More Hillary-in-2016

Gillibrand and Carville are weighing in. Could be real.

With both Gillibrand and Carville chiming in, this is starting to look real to me. I should add that my enthusiasm for a Clinton/Biden job switch drew skepticism from a politically connected and sophisticated Republican I met recently who told me he’d probably vote for Obama against Romney. His take was that such a move would be a turn-off for independents, who would see it as reflecting lack of loyalty to Biden on Obama’s part. My sense is that it would still be a net boost for the campaign, but if I had to choose between my own political judgment and my informant’s, I’d choose his.   In any case, I don’t think Clinton needs to be VP to be the instant frontrunner – possibly the uncontested choice – four years from now.

Author: Mark Kleiman

Professor of Public Policy at the NYU Marron Institute for Urban Management and editor of the Journal of Drug Policy Analysis. Teaches about the methods of policy analysis about drug abuse control and crime control policy, working out the implications of two principles: that swift and certain sanctions don't have to be severe to be effective, and that well-designed threats usually don't have to be carried out. Books: Drugs and Drug Policy: What Everyone Needs to Know (with Jonathan Caulkins and Angela Hawken) When Brute Force Fails: How to Have Less Crime and Less Punishment (Princeton, 2009; named one of the "books of the year" by The Economist Against Excess: Drug Policy for Results (Basic, 1993) Marijuana: Costs of Abuse, Costs of Control (Greenwood, 1989) UCLA Homepage Curriculum Vitae Contact: Markarkleiman-at-gmail.com

25 thoughts on “More Hillary-in-2016”

  1. FWIW, I agree with your informant. I think one of Obama’s great political strengths is that he’s been a “steady hand at the tiller” of the ship of state as we’ve traveled through stormy seas over the past 3+ years. With Clinton having repeatedly said she doesn’t want to remain Sec. of State for a 2nd term, with Biden having been a loyal VP (who does want to remain for a 2nd term), a job switch between the two would risk looking panicky—and thereby destroying (or at least weakening) one of Obama’s key advantages against Mitt Romney, the human Etch-A-Sketch.

  2. That may be right. But the belief seems to be that Biden would rather replace Clinton than keep his current post.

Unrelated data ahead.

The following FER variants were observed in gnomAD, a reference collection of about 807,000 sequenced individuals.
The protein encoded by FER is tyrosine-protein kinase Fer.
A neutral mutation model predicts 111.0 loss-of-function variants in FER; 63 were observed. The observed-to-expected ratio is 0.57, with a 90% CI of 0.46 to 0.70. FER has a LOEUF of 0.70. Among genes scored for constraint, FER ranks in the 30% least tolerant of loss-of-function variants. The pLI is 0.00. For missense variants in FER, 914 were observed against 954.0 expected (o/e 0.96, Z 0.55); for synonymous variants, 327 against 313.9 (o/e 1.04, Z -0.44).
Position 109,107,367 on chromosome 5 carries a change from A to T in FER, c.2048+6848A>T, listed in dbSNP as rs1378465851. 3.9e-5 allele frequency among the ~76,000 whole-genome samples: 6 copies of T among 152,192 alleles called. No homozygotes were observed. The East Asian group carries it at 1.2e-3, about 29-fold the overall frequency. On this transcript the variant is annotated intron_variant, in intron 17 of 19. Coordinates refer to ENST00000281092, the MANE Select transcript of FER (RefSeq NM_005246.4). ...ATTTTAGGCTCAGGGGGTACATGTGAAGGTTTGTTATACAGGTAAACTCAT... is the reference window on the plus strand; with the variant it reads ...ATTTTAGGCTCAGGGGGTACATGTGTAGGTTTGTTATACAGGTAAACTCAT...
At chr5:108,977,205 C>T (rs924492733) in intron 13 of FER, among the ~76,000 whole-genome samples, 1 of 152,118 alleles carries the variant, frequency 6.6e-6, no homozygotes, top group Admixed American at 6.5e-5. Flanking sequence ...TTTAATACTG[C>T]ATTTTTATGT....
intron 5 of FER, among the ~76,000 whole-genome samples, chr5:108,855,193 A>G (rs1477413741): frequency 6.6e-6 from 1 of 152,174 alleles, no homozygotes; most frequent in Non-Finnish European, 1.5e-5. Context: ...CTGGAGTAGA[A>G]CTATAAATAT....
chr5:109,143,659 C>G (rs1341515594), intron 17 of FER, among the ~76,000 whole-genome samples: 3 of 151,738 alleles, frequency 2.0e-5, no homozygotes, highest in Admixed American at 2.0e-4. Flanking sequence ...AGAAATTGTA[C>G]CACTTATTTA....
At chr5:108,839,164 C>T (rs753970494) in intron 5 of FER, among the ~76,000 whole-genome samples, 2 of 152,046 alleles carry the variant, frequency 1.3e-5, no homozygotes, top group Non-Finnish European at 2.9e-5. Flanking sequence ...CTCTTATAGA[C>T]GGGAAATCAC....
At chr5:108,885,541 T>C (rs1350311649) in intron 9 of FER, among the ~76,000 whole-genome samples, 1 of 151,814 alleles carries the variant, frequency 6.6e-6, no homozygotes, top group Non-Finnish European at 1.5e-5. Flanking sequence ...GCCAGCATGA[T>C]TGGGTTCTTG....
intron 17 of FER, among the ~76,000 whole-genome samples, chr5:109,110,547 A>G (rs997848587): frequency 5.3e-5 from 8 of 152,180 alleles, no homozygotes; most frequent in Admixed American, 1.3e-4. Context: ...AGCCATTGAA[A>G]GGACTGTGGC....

3. I don’t buy it. If Hillary wants to run in 2016, I think she’d actually be in a weaker position as sitting VP than she would as a recently-retired secretary of state.

    1. How strong Hillary will be will probably depend on how bad things get in the Middle East and how we respond to it.

      1. And whether the world-wide economic Ponzi scheme is finally exposed. Did you read Taibbi’s column on Bank of America? Revolting!

    2. Yup. Consider how much news she makes compared to Biden, and how impressive the stories are: she’s meeting world leaders and representing the country, and he’s campaigning for the ticket to factory workers in the midwest. Some of the difference is that her stature is higher than his regardless of their positions, but – excepting tragedy, or perhaps a senate tie – her job is just more impressive and dignified than his is, while also being less partisan.

      On the other hand, it’s a long time since a former Secretary of State became President: none have since the Civil War (although it was fairly common in the first few decades of the country), while the recent odds of a Veep getting the nomination and the job are fairly high.

  4. Went to an event w/ politicos where it was brought up. David Axelrod indicated such a switch would be “disloyal” though I suppose he left some wiggle room. I would strongly doubt it happens.

  5. At this point, my guess is that Obama is maybe a 70 per cent chance for reelection. If Obama loses, it seems to me that Clinton is far stronger for 2016 if she is a respected former Secretary of State than if she was part of the losing 2012 ticket. So on the ‘run’ side, there is some calculus: 70% chance of sitting Veep versus 30% chance of loser.

    1. Sure, but is sitting veep really better than sitting (or recent) Secretary of State? The veep spot would seem a better launchpad based on recent form, but if the veep is Biden and Biden’s not running then Secretary of State Clinton wouldn’t have to worry about her office being less prominent than another contender’s, if it even is.

  6. I can see a Prez run:

    1. 70 is the new 60
    2. Biden exudes bozoness
    3. She stayed in the ’08 race so long that she makes Newt’s assessment of his chances look realistic, and his Southern Strategy mild.